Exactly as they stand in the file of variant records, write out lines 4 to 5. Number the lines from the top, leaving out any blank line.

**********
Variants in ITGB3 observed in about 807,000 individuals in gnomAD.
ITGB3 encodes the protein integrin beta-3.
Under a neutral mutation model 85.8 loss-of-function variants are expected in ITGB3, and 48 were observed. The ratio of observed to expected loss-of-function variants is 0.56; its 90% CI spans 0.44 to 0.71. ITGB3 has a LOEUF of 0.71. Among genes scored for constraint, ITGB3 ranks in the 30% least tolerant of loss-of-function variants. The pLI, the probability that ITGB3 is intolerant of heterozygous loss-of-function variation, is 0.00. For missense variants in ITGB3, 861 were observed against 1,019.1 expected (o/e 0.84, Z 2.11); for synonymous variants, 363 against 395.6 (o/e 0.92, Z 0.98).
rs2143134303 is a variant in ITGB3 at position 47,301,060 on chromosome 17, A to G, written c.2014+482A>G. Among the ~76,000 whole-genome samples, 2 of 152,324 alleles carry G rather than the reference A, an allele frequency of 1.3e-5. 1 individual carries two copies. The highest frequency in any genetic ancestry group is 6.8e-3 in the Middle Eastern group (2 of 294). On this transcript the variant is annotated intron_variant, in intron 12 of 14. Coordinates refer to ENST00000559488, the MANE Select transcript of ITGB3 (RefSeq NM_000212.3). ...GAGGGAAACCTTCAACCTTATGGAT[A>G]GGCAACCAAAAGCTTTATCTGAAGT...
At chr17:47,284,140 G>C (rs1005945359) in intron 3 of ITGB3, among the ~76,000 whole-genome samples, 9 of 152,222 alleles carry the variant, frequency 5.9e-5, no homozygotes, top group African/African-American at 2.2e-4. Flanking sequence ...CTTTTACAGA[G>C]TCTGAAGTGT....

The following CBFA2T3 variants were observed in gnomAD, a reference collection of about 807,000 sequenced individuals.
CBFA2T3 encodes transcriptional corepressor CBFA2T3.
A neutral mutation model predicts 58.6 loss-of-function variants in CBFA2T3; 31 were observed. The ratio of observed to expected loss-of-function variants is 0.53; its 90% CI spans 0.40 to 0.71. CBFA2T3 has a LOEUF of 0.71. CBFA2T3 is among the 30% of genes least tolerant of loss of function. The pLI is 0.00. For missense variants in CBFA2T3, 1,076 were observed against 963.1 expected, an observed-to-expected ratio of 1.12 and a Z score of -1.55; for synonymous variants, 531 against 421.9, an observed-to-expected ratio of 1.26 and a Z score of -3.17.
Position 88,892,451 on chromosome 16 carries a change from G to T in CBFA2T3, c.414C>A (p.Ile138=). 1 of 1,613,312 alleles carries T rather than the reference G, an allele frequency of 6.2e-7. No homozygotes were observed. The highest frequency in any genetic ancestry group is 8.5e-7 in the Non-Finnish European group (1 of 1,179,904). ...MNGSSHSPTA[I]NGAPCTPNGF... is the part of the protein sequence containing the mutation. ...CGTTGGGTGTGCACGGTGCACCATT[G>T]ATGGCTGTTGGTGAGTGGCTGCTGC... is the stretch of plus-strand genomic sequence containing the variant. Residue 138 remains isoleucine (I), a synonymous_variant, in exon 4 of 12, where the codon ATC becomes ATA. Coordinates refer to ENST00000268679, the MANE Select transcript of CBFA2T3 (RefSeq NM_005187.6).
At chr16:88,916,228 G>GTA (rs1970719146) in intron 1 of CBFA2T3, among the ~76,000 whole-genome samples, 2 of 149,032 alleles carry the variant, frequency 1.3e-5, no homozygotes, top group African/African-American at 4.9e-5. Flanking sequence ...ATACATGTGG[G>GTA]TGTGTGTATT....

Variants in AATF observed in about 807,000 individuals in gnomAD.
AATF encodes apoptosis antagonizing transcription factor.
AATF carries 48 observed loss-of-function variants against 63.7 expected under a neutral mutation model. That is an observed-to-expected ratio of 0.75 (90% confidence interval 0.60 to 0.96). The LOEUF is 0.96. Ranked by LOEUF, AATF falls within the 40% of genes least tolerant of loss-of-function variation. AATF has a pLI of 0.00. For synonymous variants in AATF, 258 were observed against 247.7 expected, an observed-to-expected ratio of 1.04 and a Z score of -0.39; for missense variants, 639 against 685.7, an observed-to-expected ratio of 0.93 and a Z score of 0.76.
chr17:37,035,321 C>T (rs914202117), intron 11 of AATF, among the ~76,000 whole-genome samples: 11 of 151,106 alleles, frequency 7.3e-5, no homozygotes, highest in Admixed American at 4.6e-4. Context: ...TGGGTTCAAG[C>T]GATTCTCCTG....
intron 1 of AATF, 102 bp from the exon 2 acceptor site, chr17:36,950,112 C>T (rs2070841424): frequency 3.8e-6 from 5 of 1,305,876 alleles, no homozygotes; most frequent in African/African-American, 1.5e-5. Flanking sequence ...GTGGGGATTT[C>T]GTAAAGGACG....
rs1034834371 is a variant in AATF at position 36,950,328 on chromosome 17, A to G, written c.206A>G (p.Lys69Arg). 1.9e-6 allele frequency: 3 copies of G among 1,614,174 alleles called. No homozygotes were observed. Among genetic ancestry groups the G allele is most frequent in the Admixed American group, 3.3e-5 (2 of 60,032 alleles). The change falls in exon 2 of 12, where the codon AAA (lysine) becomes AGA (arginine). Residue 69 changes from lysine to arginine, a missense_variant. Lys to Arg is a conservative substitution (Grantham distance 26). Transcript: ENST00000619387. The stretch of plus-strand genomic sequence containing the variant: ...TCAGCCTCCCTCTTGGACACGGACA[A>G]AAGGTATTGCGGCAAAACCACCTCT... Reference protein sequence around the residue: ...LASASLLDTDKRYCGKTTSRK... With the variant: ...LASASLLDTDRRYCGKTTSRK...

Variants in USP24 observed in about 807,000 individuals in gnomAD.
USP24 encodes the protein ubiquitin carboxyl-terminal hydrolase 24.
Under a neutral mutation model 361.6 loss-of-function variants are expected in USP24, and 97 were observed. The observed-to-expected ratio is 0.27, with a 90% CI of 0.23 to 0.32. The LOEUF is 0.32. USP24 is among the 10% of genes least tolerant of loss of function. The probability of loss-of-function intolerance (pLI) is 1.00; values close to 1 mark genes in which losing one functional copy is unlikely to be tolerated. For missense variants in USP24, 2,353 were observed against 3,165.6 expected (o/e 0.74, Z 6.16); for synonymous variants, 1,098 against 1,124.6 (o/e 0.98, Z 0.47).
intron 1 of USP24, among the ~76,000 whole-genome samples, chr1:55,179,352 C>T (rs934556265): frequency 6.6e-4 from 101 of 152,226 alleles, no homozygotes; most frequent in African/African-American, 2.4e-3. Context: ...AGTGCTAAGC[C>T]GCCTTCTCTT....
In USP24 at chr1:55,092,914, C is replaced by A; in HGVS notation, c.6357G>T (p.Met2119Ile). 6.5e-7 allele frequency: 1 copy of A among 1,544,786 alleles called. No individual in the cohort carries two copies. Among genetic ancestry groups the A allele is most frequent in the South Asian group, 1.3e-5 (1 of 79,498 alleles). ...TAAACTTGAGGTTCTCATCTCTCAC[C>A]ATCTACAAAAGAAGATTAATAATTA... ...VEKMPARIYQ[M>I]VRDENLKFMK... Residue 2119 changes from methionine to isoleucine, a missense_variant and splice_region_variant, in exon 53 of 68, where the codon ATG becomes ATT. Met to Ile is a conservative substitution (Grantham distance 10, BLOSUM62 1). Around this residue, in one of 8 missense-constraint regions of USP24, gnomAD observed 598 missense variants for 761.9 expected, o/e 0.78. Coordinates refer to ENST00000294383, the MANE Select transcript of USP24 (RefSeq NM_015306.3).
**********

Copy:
rs2143134303 is a variant in ITGB3 at position 47,301,060 on chromosome 17, A to G, written c.2014+482A>G. Among the ~76,000 whole-genome samples, 2 of 152,324 alleles carry G rather than the reference A, an allele frequency of 1.3e-5. 1 individual carries two copies. The highest frequency in any genetic ancestry group is 6.8e-3 in the Middle Eastern group (2 of 294). On this transcript the variant is annotated intron_variant, in intron 12 of 14. Coordinates refer to ENST00000559488, the MANE Select transcript of ITGB3 (RefSeq NM_000212.3). ...GAGGGAAACCTTCAACCTTATGGAT[A>G]GGCAACCAAAAGCTTTATCTGAAGT...
At chr17:47,284,140 G>C (rs1005945359) in intron 3 of ITGB3, among the ~76,000 whole-genome samples, 9 of 152,222 alleles carry the variant, frequency 5.9e-5, no homozygotes, top group African/African-American at 2.2e-4. Flanking sequence ...CTTTTACAGA[G>C]TCTGAAGTGT....